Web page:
In 1978 the US Congress passed legislation proclaiming the first Sunday after Labor Day as National Grandparents Day. For 2015 that falls on September 13th, begging the question of how – or whether – you plan to observe it.
Some would say it’s just another Hallmark holiday, suggesting that it’s a “made up” holiday concocted primarily so that Hallmark and other companies can profit from it. Certainly money is made relative to Grandparents Day, but the same can be said for birthdays, Easter, Christmas, and a variety of other holidays.
I’ve referred to gift shops as places that sell things you wouldn’t buy for yourself. Recently I had to clean out a house that included gifts like these that had become a burden. In fact, an entire cabinet was filled with candles received as gifts.
As I was filling (and hauling) boxes, I was not thinking nice things about the nice people in the nice gift shops selling those nice gifts. Quite the contrary, I thought about the people who wanted to do something nice by giving a friend or loved-one something they’d enjoy looking at, not realizing the recipient would eventually need to do something with it. It was also a wake-up call to me that I want to deal with my own clutter now rather than subjecting someone else to it later. Not only does it take up space, but clutter is unhealthy.
Like many holidays, the sentiment behind Independence Day sometimes seems overtaken by commercialization and marketing. We see “4th of July” sales, and even references to “the holiday.” Then there are the picnics, ball games, fireworks… things which actually start to sound familiar:
I am apt to believe that it will be celebrated, by succeeding Generations, as the great anniversary Festival. It ought to be commemorated, as the Day of Deliverance by solemn Acts of Devotion to God Almighty. It ought to be solemnized with Pomp and Parade, with Shews, Games, Sports, Guns, Bells, Bonfires and Illuminations [fireworks] from one End of this Continent to the other from this Time forward forever more.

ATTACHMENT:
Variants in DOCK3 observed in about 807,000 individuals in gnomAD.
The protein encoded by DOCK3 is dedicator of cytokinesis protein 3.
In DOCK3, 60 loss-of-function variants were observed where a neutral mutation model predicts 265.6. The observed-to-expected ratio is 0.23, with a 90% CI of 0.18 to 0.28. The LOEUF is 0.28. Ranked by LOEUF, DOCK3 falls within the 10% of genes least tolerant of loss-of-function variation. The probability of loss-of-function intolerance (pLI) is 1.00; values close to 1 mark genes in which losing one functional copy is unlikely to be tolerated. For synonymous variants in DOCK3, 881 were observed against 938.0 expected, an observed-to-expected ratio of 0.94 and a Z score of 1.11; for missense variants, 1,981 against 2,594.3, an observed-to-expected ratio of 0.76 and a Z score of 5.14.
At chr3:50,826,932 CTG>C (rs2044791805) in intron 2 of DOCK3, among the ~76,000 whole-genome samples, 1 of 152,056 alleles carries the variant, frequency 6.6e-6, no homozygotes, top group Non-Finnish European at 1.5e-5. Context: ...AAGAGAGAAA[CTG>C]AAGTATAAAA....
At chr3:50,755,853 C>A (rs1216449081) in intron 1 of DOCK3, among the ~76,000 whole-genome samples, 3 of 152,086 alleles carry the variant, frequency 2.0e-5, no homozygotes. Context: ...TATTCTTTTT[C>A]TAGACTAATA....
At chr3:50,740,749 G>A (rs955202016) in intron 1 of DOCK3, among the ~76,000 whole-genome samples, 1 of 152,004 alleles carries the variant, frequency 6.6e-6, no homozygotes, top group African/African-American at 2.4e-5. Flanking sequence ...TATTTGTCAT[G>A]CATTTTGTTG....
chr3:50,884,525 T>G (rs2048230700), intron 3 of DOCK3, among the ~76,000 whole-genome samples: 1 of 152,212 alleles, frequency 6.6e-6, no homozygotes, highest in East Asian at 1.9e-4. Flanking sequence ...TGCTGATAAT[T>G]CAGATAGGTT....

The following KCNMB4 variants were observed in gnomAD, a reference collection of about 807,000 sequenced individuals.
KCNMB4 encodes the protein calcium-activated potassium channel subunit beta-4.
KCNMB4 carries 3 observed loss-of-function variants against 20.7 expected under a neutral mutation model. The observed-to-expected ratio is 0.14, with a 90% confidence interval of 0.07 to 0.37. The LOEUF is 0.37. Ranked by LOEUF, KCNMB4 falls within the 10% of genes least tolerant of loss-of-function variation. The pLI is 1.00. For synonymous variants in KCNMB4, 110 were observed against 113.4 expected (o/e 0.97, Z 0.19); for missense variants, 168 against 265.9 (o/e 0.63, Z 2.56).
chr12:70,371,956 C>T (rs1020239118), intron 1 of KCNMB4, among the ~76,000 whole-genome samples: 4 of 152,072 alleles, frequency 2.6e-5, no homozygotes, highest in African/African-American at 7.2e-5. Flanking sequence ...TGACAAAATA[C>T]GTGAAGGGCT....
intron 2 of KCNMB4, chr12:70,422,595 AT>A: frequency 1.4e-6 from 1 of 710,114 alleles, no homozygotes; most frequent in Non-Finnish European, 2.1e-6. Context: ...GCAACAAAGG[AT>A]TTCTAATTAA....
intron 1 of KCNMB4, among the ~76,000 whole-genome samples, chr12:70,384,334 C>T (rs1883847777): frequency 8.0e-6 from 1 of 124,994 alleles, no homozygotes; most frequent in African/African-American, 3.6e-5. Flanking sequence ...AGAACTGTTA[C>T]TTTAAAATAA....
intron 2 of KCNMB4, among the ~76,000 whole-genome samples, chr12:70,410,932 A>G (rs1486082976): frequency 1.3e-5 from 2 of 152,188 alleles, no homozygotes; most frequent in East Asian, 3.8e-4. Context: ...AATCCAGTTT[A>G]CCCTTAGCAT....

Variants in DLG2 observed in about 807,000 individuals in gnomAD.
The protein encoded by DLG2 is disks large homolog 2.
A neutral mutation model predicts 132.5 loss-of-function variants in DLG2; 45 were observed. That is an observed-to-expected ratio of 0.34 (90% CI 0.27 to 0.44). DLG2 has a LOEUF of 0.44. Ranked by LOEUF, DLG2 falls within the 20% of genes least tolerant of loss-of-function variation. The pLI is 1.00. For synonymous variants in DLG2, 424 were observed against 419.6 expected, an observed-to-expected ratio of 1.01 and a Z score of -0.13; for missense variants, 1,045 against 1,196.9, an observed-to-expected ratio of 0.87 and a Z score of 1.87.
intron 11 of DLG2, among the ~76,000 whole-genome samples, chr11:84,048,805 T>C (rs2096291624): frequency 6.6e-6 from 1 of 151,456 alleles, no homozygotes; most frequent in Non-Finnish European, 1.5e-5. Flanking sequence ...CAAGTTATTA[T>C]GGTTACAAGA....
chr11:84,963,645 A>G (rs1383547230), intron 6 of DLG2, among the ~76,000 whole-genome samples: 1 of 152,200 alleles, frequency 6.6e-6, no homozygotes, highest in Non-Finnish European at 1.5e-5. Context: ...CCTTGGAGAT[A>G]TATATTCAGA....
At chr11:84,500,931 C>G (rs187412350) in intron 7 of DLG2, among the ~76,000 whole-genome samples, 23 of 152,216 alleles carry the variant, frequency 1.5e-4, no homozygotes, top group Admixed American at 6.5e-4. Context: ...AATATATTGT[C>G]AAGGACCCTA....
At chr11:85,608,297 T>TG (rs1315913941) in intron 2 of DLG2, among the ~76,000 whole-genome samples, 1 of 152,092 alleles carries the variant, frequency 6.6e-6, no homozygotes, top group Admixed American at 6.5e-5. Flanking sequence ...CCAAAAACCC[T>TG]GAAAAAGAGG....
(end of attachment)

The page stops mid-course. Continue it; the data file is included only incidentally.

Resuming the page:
You’ve seen the ads on TV: Colorful tomatoes and other vegetables flying through the air while the sound track repeatedly says “Fresh!” – as if you’re part of some experiment in Pavlovian conditioning. Sometimes the vegetables run into a knife in mid-air, though “fresh” isn’t necessarily the first word that comes to mind when I see that.
I did an experiment with some vegetables to see if fresh, wet vegetables in motion made me hungry. What do you think? These tomatoes look great to me, but seeing them in motion don’t necessarily make me any more hungry. Maybe because I took my pictures outside (instead of indoors in front of a black background) they aren’t as appealing. Maybe black or white backgrounds like the studios use are supposed to help make us even more hungry?
I knew I might be in trouble when I clicked on a Google search result and the page that opened was crawling with ads. Then the page clicked-over to a different site on its own: To an article in Vogue I believe. The article itself didn’t look especially threatening, but that’s not a site I visit – and most importantly, I hadn’t done anything to be taken there.
Everything seemed fine after that, but later I clicked the icon to open Microsoft Word and received a UAC (User Account Control) warning from Windows indicating that a program it didn’t trust was trying to start. Any time a Microsoft application isn’t recognized by a Microsoft operating system, something is clearly amiss. I’ve used Word zillions of times with no issue like this, which reinforced that something was wrong, so I didn’t allow it to start. The same thing happened later when I started Outlook, and then Java, underscoring that I had a serious problem.